Sakura Wars — PS4 Review

When you are a ninety’s kid and you head down to the store to pick up Sega’s latest title, the image that pops up in your mind is that of Sonic the Hedgehog. Something similar happened to me, but I had to come to terms with the fact that Sega has moved way past its origins.

Those who have followed the modern-day Sega will know that Sakura Wars is not a new title in Sega’s game lineup. Sega has been producing this game under the same badge for quite a while now, but not a lot of them made it across the sea and into the west. Hence, if you are playing this title for the first time, you will need a little background to the story.

Sakura Wars is a multi-genre game series, and its latest version was released on 28th April 2020. Sakura Wars takes place in Japan’s city of Tokyo, but in an alternative reality. In this particular reality, steam technology has excelled way more than the electric one, and villains are putting the world at danger with their army of steam-controlled robots. Other than that, the game is set in the 1940s.

But the question arises that who are you and where do you step in? You are Seijuro, and you are a failed military personal. To make up to your failures, you have been put in charge of a Combat Revenue of the Tokyo Imperial Theatre. Being in charge of a Combat Revenue does not seem like a punishment until you realize that the people in your crew are capable of losing to a dummy in a head-on combat. The embarrassment does not end here, Tokyo Imperial Theatre is present in the Flower Division, the father organization you are working for. So macho, huh?

As soon as you come across your raison d’etre, you will know that the game is not just combat-focused, and your enemies would be the least of your worries. It is, after all, a dating sim genre game as well.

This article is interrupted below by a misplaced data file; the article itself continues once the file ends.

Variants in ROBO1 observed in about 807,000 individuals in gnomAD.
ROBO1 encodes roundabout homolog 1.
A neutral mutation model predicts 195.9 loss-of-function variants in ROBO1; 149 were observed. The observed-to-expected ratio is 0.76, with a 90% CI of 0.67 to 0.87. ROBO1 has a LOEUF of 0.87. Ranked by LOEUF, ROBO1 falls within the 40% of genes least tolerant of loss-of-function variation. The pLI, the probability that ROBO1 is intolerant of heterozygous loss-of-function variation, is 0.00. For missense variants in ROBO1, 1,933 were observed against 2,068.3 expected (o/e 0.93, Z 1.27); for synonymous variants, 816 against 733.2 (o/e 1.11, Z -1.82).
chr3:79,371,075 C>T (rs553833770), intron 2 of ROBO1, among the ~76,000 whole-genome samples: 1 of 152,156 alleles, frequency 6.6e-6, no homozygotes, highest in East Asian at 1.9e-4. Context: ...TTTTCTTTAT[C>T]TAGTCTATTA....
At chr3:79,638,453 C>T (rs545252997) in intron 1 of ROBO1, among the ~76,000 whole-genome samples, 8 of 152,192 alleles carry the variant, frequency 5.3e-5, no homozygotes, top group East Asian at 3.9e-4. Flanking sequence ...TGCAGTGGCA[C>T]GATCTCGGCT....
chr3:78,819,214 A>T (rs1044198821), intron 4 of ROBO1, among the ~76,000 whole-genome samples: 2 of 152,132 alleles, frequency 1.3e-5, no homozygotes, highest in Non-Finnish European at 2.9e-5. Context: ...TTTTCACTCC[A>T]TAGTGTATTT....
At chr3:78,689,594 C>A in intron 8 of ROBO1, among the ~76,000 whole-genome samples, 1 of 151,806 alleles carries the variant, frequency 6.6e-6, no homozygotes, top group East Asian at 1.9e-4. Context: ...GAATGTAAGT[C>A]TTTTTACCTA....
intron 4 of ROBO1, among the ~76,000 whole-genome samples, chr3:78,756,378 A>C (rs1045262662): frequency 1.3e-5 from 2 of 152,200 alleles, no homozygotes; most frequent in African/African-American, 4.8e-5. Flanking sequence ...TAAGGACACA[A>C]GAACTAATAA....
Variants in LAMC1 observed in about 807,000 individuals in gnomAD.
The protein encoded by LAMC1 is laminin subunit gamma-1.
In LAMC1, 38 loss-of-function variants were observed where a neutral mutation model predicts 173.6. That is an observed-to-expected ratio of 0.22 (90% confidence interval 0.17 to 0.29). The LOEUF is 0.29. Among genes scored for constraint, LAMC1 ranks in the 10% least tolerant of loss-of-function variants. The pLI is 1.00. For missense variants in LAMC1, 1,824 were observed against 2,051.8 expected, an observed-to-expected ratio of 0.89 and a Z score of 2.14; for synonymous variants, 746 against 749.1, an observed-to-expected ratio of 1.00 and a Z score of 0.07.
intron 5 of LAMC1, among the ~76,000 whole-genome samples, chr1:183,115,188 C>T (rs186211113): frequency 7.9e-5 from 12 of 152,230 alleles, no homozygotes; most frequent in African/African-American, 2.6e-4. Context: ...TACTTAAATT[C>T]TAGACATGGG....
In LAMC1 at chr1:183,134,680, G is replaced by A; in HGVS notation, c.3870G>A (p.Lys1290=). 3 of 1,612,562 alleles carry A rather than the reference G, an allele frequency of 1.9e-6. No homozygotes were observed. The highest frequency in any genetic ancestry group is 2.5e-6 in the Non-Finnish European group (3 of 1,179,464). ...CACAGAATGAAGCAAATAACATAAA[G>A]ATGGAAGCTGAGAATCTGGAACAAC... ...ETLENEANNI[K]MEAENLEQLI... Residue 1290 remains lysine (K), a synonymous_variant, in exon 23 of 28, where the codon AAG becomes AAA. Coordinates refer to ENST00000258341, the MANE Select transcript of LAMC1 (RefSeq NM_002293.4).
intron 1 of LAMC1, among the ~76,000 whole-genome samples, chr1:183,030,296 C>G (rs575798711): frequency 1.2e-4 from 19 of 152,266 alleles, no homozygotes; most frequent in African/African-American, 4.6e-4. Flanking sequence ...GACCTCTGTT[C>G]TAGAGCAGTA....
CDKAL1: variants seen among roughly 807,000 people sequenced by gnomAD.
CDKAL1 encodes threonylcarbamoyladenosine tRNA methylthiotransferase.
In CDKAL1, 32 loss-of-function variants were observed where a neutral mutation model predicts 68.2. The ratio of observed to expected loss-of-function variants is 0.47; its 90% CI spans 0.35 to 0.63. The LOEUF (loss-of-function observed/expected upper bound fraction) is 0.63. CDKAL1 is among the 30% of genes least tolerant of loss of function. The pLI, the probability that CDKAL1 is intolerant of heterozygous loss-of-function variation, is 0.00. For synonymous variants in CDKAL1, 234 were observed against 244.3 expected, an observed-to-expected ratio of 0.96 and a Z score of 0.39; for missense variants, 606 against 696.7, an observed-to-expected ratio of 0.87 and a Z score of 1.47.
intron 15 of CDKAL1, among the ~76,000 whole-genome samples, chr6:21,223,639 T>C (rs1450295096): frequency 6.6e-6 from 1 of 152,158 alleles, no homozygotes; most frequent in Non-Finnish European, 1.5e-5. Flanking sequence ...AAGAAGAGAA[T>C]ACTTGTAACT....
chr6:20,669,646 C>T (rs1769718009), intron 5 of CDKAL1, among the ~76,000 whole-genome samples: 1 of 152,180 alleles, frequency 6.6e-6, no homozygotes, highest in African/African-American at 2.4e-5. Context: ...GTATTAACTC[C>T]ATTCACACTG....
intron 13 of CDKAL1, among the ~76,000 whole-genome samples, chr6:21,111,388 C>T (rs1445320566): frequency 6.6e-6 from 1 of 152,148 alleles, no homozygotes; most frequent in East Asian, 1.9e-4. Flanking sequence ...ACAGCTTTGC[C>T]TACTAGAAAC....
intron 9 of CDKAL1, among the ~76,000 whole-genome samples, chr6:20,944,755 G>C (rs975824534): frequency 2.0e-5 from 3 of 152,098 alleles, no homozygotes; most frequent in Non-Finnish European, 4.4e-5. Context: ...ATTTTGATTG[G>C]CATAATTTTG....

A major part of your game would be spent trying to flirt with the girls of your Flower Division organization. You will also get a chance to explore the city in between the battles, but that would mostly be dependent on the girl that you decide to take on during the gameplay. However, if you are not comfortable around girls, the situation won’t last long. The total game has about 15 hours of gameplay to it, given that you plan your moves in the right direction. Approaching a girl is not usually the difficult part. Why would it be difficult to approach a girl when Flower Division is flooded with them! The difficulty arises when you are given three possible replies and they are extremely vague. You have to sit back on your couch and scratch your head for the next five minutes to make sense out of them. And once you settle for that perfect reply, you will realize what a jerk your character is as he blurts it out without any emotions. The delivery matters people, it really matters! Another thing that you should keep in your mind before you settle for a reply is that the women you are replying to will be a huge support in the upcoming battles and if you decide to piss them off you might end up spoiling your gameplay.

Human interactions are a very crucial part of the game. As you proceed further into the game, you realize that it’s not just Seijuro, but the whole lineup of characters is bonkers. At a moment the girls would be bashing you for your idiocy, and at another, they will be cheering for you and your battles. Once you have played it all well, you will start developing closer relationships with the woman of your choice. There will be private settings with more personal conversations, though you have to keep choosing the right replies for getting and staying up there. There is a bit of action to the game as well, and as sad this may sound for all you Casanovas out there, at some point in time you will have to let go of your emotions and set foot into the battlefield.